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Should You Roll Out and Up?
01/29/2014 8:00 am EST
Option expert Alan Ellman of TheBlueCollarInvestor.com outlines how you can manage a covered call position to capture share appreciation when a stock price moves well above the original strike price sold.
Covered call writing has some drawbacks as do all investment strategies. Profit limitation by the strike price is one such disadvantage. How do we manage a situation where the price of the stock moves well above the strike sold? Some covered call writers will roll out and up (to a higher strike price and a later date) in an effort to capture the share appreciation previously limited by the original option sold. This is very different from rolling out and up to continue to capture option profit perhaps in addition to some share appreciation. In this article, I will use Facebook (FB), a stock recently on our Premium Stock List to evaluate if this is a good idea. Keep in mind that I am alluding to a strategy where the goal is to capture share appreciation when a stock price moves well above the original strike sold, not option profit.
In early December, FB moved above its 20-d exponential moving average and seemed like a great candidate for covered call writing. Let’s look at a chart depicting when this bullish event took place:
At the time, a near-the-money strike could have been sold for a 4%, one-month return. The price of the stock continued to increase and near expiration FB was trading @ $54.69, leaving the $50 call $4.69 in-the-money. In an effort to capture the $4.69, some investors look to roll out and up to a strike above $54.69. Let’s have a look at an options chain showing the cost to close our short $50 strike position:
The cost to close is $4.80 and that will allow our shares to now be worth current market value since there is no longer an options obligation. Next, as the proposed strategy goes, we must sell another option to negate the $4.80 cost-to-close. Let’s check the January options chain for the $55 call for FB:
Rolling out and up to the January $55 call will result in an options debit of $2.39 ($4.80 – $2.41). Investors may then attempt to roll out more months so that the time value will compensate them for the cost to close the original option. Here are the stats for other $55 calls:
- February: $4.40
- March: $5.00
- June: $6.90
To get fully compensated for the cost to close we would have to roll out and up to the March $55 call and there the option credit would be minimal, almost a wash. It will also limit our upside over the next three months to $0.31 ($54.69 to $55).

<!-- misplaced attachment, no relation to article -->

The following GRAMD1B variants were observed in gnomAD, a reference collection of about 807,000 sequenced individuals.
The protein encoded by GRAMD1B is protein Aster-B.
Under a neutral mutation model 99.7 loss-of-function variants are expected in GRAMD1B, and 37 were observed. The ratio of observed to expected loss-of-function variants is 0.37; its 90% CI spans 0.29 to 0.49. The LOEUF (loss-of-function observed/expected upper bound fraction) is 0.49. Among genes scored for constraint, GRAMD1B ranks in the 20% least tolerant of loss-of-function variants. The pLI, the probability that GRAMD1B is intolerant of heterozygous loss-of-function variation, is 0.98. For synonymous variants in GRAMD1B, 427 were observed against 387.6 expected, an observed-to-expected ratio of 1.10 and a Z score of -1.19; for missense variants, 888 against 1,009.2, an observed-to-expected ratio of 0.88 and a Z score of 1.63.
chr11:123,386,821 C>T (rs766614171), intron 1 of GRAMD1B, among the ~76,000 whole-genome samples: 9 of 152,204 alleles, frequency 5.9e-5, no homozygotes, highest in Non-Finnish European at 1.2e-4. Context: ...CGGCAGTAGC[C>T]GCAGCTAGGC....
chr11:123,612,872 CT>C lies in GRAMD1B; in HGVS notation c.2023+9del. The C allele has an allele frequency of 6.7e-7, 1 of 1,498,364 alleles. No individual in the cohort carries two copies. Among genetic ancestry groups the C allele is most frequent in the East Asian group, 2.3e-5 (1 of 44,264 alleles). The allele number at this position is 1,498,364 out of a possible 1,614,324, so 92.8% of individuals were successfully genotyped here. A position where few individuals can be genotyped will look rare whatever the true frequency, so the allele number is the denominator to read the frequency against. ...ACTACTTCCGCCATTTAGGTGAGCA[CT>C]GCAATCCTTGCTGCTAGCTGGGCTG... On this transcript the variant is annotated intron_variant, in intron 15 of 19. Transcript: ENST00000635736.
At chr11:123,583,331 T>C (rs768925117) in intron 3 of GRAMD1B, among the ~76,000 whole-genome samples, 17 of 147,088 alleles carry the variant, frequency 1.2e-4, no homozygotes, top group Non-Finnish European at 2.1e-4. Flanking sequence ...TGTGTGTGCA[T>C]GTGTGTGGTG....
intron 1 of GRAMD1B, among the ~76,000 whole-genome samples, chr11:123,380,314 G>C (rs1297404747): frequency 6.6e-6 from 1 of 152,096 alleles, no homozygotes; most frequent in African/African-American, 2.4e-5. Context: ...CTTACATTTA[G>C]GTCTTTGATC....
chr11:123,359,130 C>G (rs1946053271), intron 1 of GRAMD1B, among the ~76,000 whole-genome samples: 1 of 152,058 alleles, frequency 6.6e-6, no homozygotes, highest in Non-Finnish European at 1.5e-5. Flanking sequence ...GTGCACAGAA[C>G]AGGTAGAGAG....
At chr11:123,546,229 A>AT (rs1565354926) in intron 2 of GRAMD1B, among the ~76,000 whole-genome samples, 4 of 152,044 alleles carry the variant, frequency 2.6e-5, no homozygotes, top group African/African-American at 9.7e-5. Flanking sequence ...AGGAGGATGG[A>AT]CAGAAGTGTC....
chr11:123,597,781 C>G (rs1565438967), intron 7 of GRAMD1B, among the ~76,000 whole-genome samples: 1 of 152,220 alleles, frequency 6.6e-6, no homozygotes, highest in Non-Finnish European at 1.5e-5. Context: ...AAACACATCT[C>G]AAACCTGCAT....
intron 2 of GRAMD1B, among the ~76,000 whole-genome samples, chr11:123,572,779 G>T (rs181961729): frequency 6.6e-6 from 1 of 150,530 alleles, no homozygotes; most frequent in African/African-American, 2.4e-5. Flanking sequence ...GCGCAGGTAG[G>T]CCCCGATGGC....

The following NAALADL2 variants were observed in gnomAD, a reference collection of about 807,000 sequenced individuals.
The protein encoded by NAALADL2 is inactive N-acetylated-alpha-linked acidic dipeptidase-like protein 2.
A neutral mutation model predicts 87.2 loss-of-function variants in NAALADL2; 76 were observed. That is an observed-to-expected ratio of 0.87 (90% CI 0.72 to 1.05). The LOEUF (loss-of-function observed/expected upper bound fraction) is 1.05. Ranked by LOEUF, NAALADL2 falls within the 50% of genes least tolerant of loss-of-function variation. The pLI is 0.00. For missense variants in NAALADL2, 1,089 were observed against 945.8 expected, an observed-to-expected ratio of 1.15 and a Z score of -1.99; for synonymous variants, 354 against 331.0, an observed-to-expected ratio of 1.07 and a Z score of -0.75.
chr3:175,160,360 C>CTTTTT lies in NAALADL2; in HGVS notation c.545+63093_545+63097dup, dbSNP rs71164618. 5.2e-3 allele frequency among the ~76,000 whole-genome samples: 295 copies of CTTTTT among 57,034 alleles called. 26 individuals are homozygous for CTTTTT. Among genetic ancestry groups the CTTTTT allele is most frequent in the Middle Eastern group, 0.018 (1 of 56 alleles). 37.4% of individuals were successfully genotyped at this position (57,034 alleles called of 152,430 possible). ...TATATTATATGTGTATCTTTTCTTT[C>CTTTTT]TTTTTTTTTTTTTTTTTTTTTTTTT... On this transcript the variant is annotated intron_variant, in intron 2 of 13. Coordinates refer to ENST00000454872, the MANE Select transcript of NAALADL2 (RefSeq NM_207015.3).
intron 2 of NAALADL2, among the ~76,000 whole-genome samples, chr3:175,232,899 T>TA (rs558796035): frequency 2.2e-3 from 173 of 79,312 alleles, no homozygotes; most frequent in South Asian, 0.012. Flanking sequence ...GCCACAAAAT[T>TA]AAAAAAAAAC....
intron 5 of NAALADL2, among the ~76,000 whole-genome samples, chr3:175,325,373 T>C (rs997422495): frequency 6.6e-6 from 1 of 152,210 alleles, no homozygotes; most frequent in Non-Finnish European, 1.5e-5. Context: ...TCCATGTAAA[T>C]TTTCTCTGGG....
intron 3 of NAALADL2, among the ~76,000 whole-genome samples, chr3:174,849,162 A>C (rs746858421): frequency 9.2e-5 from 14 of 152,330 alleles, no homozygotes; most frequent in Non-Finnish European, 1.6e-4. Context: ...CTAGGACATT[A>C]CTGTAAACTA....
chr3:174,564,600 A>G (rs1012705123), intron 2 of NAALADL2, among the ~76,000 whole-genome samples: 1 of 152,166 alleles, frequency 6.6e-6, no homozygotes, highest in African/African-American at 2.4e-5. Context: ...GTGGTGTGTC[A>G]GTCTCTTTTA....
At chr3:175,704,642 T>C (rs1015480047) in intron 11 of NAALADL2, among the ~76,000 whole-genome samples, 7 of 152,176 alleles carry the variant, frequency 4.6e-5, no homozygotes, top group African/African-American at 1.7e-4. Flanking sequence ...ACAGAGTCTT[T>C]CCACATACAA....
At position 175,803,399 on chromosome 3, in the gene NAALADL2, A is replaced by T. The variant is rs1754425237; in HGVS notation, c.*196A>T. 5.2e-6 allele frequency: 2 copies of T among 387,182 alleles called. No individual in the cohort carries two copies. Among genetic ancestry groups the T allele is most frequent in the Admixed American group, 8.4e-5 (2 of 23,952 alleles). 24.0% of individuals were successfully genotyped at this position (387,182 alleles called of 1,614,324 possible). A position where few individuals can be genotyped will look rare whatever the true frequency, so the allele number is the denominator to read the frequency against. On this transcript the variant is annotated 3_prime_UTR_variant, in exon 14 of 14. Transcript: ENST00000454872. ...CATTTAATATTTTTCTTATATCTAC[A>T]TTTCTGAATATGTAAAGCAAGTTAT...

NEXT PAGE: Why This Is Not a Good Idea|pagebreak|
If we rolled out and up to the $60 call to give additional opportunity for more share appreciation, here are the stats.
In this scenario, we would have to commit to June to make up for the cost-to-close and like the March $55 call, it would almost be a wash.
- January: $0.86
- February: $2.60
- March: $3.15
- June: $5.00
Why This is Not a Good Idea
I don’t like this idea because we are changing our goals. Originally, we wanted to generate monthly cash flow by selling stock options. Our training has taught us that one of the risks with this strategy is profit limitation by the strike price. This is the obligation we undertook when we sold the option and the reason the option holder paid us all that cash. In this scenario, we were successful in maximizing our one-month option goal and we must accept (although we can still manage this position) the limitations of the strategy. By rolling out farther and farther from the current month we are obligated to hold the stock through earnings reports, a gigantic drawback. In addition, we are undertaking a longer-term obligation when we may not want to own the underlying security in the future.
What Then Can We Do?
We are in the driver’s seat, having maxed our one-month position:
1. Wait for expiration Friday to see if a rolling strategy makes sense from an options perspective. It could mean rolling out or rolling out and up but not to capture share appreciation only.
2. If the strike is deep-in-the-money mid-contract, look to close the entire position if the time value approaches zero and use the cash from the stock sale to start a new covered call position and a second income stream. This is the mid-contract unwind exit strategy.
3. Take no action and allow assignment where your shares are sold at the strike price. Perhaps the calculations from an options perspective do not meet your goals or maybe there is an earnings report due out the next month.
4. Set up two separate accounts. One for covered call writing and one for stock buying and selling only. This will allow you to make the best decisions for each strategy and not have different goals cloud our investment decisions.
Covered call writing is a strategy that generates monthly cash flow by selling stock options. The main drawback is that share appreciation is limited by the strike price. We cannot eliminate this disadvantage, just manage it. It is critical to avoid poor investment decisions by using one strategy with a defined goal and trying to also gain the benefit of another strategy with a different goal. Don’t get greedy!
By Alan Ellman of TheBlueCollarInvestor.com